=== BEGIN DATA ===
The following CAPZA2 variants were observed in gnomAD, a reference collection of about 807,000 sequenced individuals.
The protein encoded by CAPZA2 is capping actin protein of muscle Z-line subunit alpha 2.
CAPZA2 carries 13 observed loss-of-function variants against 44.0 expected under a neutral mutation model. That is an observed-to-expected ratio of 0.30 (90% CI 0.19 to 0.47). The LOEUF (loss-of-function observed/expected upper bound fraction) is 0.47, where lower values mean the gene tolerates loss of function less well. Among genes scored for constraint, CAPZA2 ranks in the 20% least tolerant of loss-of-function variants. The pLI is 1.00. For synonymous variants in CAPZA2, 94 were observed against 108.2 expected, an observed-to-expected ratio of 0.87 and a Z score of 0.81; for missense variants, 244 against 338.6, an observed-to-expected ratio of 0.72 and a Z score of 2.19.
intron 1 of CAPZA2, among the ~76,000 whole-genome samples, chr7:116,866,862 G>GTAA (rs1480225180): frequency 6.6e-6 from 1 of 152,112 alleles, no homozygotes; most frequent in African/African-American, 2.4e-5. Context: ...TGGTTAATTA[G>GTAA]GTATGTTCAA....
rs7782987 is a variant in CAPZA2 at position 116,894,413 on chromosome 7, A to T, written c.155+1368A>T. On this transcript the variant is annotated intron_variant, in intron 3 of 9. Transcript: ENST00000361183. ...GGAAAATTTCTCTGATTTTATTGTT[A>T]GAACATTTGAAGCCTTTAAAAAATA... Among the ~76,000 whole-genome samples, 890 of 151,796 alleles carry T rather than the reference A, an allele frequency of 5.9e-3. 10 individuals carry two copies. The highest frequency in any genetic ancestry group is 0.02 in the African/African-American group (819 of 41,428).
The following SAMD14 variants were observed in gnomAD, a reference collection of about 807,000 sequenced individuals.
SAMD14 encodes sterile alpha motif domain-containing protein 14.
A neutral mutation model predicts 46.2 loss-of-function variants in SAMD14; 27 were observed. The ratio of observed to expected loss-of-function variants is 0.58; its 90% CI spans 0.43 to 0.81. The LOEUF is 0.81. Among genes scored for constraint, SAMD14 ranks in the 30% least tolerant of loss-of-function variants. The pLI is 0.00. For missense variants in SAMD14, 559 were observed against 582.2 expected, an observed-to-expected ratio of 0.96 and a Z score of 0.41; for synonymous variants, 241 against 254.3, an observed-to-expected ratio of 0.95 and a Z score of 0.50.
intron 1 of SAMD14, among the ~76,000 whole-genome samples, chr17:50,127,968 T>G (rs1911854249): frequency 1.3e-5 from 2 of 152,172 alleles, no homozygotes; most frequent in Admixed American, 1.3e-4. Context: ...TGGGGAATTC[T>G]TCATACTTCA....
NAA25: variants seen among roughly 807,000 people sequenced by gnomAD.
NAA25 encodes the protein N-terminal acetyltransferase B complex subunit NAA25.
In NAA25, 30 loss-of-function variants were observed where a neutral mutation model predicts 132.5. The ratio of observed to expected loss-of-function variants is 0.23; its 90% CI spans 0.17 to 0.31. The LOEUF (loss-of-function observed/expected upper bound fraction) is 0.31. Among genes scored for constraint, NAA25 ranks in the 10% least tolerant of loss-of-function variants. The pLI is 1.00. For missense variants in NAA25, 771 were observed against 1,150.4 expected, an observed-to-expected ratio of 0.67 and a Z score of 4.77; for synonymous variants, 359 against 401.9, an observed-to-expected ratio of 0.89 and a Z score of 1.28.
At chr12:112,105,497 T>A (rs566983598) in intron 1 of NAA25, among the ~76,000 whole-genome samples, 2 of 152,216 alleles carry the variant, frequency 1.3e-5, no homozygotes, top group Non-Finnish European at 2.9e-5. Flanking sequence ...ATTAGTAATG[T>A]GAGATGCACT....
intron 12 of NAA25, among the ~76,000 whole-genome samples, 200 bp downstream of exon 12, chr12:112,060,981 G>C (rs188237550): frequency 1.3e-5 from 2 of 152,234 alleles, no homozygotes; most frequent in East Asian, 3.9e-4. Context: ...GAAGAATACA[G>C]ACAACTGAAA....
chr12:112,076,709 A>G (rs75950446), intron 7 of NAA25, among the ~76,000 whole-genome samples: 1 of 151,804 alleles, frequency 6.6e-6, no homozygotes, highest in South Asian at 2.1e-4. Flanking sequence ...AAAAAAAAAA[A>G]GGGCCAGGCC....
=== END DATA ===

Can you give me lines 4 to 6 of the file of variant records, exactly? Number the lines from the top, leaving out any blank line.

intron 1 of CAPZA2, among the ~76,000 whole-genome samples, chr7:116,866,862 G>GTAA (rs1480225180): frequency 6.6e-6 from 1 of 152,112 alleles, no homozygotes; most frequent in African/African-American, 2.4e-5. Context: ...TGGTTAATTA[G>GTAA]GTATGTTCAA....
rs7782987 is a variant in CAPZA2 at position 116,894,413 on chromosome 7, A to T, written c.155+1368A>T. On this transcript the variant is annotated intron_variant, in intron 3 of 9. Transcript: ENST00000361183. ...GGAAAATTTCTCTGATTTTATTGTT[A>T]GAACATTTGAAGCCTTTAAAAAATA... Among the ~76,000 whole-genome samples, 890 of 151,796 alleles carry T rather than the reference A, an allele frequency of 5.9e-3. 10 individuals carry two copies. The highest frequency in any genetic ancestry group is 0.02 in the African/African-American group (819 of 41,428).
The following SAMD14 variants were observed in gnomAD, a reference collection of about 807,000 sequenced individuals.